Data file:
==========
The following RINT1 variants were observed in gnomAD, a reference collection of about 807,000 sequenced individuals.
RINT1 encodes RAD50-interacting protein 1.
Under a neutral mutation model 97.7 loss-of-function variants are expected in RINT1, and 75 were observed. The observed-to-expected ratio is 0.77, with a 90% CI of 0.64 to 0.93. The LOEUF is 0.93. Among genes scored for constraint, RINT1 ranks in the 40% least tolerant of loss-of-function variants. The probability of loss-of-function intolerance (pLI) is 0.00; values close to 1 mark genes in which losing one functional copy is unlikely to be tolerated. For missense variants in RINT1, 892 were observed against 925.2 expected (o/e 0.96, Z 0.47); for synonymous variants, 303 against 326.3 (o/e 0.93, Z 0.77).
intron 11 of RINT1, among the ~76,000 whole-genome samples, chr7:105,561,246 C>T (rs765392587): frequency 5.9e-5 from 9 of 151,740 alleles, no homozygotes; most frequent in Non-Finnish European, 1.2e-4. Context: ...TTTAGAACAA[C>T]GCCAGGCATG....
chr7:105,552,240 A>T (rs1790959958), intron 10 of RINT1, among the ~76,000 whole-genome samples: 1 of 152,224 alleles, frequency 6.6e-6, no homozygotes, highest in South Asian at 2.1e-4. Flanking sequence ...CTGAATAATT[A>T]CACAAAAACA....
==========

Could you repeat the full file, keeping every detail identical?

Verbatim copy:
The following RINT1 variants were observed in gnomAD, a reference collection of about 807,000 sequenced individuals.
RINT1 encodes RAD50-interacting protein 1.
Under a neutral mutation model 97.7 loss-of-function variants are expected in RINT1, and 75 were observed. The observed-to-expected ratio is 0.77, with a 90% CI of 0.64 to 0.93. The LOEUF is 0.93. Among genes scored for constraint, RINT1 ranks in the 40% least tolerant of loss-of-function variants. The probability of loss-of-function intolerance (pLI) is 0.00; values close to 1 mark genes in which losing one functional copy is unlikely to be tolerated. For missense variants in RINT1, 892 were observed against 925.2 expected (o/e 0.96, Z 0.47); for synonymous variants, 303 against 326.3 (o/e 0.93, Z 0.77).
intron 11 of RINT1, among the ~76,000 whole-genome samples, chr7:105,561,246 C>T (rs765392587): frequency 5.9e-5 from 9 of 151,740 alleles, no homozygotes; most frequent in Non-Finnish European, 1.2e-4. Context: ...TTTAGAACAA[C>T]GCCAGGCATG....
chr7:105,552,240 A>T (rs1790959958), intron 10 of RINT1, among the ~76,000 whole-genome samples: 1 of 152,224 alleles, frequency 6.6e-6, no homozygotes, highest in South Asian at 2.1e-4. Flanking sequence ...CTGAATAATT[A>T]CACAAAAACA....